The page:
A sparkling knit
Part 7 of a 2006 Oregon travelogue
by Thor Iverson
Argyle – We pull into this well-known winery’s busy parking lot just as the Valley- and coast-bound afternoon traffic from Portland really picks up, turning Dundee into a slow-moving parking lot of its own.
Argyle produces a wide – possibly too wide – range of wines, but for me they’ve always been best-represented by their often terrific sparkling wines, contenders for the absolute best of the United States.
Argyle 2001 Brut (Willamette Valley) – 53% chardonnay, 48% pinot noir. Soft grapefruit, geranium and banana with notes of too-old papaya and carambola. Too fluffy and imprecise.
Argyle 1998 Blanc de Blancs (Willamette Valley) – Clean and crisp, showing mixed apples and great balance between sharp fruit and bracing acidity. Essence of walnut emerges on the finish. A very nice wine, with medium-term aging potential.
Argyle 1998 Knudsen Brut (Willamette Valley) – 70% pinot noir. Full-bodied for a bubbly, showing strawberries and leaves with apple skins. It’s nicely structured, and in this respect acts more like a still wine made from pinot, but there’s also the elegance and sophistication of a fine sparkling wine. A fine particulate softness suffuses the wine, which has balance and length to spare. Marvelous.
Argyle 2003 Brut Rosé (Willamette Valley) – Raspberry, mango and strawberry in a bit of a fruit explosion, but there’s minerality underneath (mostly graphite), and a perfect, dry-but-not-desiccated finish. Terrific stuff.
Argyle 2005 Riesling (Willamette Valley) – From relatively new plantings, after an outbreak of phylloxera. Lime, grapefruit and some sourness with a strange, off-putting finish.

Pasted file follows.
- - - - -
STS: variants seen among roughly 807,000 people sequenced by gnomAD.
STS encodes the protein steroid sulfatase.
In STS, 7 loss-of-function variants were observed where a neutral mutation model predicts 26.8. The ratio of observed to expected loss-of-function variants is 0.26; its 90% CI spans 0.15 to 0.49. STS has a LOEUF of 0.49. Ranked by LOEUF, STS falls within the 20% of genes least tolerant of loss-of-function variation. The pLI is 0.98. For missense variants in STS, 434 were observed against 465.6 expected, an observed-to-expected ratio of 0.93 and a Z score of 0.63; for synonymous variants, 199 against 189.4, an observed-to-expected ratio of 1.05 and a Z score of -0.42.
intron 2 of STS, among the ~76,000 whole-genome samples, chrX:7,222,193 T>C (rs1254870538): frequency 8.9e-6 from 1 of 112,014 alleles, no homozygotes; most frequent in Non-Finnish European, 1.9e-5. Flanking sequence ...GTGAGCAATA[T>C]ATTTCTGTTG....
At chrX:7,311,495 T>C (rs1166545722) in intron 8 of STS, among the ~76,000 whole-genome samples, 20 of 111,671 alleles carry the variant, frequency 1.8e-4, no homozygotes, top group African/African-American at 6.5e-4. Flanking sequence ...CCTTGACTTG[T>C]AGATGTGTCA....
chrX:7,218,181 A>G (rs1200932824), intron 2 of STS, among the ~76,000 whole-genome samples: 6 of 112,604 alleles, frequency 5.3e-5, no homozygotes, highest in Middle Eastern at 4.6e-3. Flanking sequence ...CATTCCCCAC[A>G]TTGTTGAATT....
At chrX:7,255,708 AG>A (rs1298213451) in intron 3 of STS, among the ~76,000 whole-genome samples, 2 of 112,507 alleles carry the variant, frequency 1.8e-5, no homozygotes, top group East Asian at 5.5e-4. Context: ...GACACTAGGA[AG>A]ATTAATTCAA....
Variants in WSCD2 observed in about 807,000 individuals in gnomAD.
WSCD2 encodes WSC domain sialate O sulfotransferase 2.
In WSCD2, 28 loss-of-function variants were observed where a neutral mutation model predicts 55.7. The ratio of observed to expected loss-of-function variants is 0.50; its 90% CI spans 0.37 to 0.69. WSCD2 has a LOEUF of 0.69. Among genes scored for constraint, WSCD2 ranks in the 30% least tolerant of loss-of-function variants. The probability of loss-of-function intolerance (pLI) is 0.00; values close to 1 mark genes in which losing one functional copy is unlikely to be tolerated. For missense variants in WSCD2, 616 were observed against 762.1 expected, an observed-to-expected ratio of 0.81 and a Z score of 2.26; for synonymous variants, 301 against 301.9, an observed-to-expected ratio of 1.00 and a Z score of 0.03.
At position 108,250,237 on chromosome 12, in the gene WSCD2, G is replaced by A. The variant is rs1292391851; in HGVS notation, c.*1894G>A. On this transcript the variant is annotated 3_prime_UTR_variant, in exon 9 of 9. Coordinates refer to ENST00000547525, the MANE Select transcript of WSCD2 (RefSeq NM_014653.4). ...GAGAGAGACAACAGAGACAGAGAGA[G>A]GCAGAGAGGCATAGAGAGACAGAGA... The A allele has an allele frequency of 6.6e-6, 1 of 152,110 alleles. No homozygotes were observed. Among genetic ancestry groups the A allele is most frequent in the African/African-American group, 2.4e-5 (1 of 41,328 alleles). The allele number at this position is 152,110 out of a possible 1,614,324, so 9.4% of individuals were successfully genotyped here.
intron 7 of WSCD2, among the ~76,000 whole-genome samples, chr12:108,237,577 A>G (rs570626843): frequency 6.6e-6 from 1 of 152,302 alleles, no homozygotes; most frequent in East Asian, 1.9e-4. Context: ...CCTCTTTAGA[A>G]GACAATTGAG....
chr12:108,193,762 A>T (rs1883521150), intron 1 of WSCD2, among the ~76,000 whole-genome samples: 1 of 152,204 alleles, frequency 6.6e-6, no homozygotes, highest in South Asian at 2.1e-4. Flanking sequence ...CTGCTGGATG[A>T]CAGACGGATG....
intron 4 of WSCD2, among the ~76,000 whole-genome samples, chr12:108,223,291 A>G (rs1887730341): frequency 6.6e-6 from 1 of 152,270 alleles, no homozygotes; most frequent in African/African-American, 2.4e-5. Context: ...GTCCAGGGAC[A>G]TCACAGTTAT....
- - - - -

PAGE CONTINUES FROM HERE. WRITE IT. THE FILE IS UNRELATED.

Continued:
Argyle 2002 Merlot (Oregon) – Oak and oakspice with roasted cashew, blueberry jam and chunky peanut butter. Those with gluten allergies who nonetheless crave PB&J sandwiches might do well to consider this wine as an alternative.
Argyle 2003 Chardonnay “Nuthouse” (Willamette Valley) – From the Stoller and Knudsen vineyards, with 30% seeing new oak. Sulfurous and bland, with apricot and an unmistakable coal aroma. Perhaps the barrels weren’t just toasted, but were instead blackened? Did Paul Prudhomme have a hand in this?
Argyle 2004 Pinot Noir “Reserve” (Willamette Valley) – Gorgeous, crowd-pleasing strawberry and plum in a big, fat but muscular package. There’s no complexity now, but this has the construction and raw materials to age.
Argyle 2003 Pinot Noir “Nuthouse” (Willamette Valley) – Chewy and big, with huge plum flavors soured up by orange and blood orange. There’s decent acidity, but a hefty whack of alcohol, and the fruit is a little on the bizarre side. A confusing wine.
Argyle 2005 “Minus Five” (Willamette Valley) – Freezer wine…in this case from pinot noir, which is a first for me. It’s pretty good, with sweet, silky corn syrup, raspberry and rhubarb in equal measure. There’s enough acid to supply balance. A fun wine.
(Disclosure: tasting fee reduced, wines purchased at “trade” price rather than full retail.)
Copyright ©2006 Thor Iverson.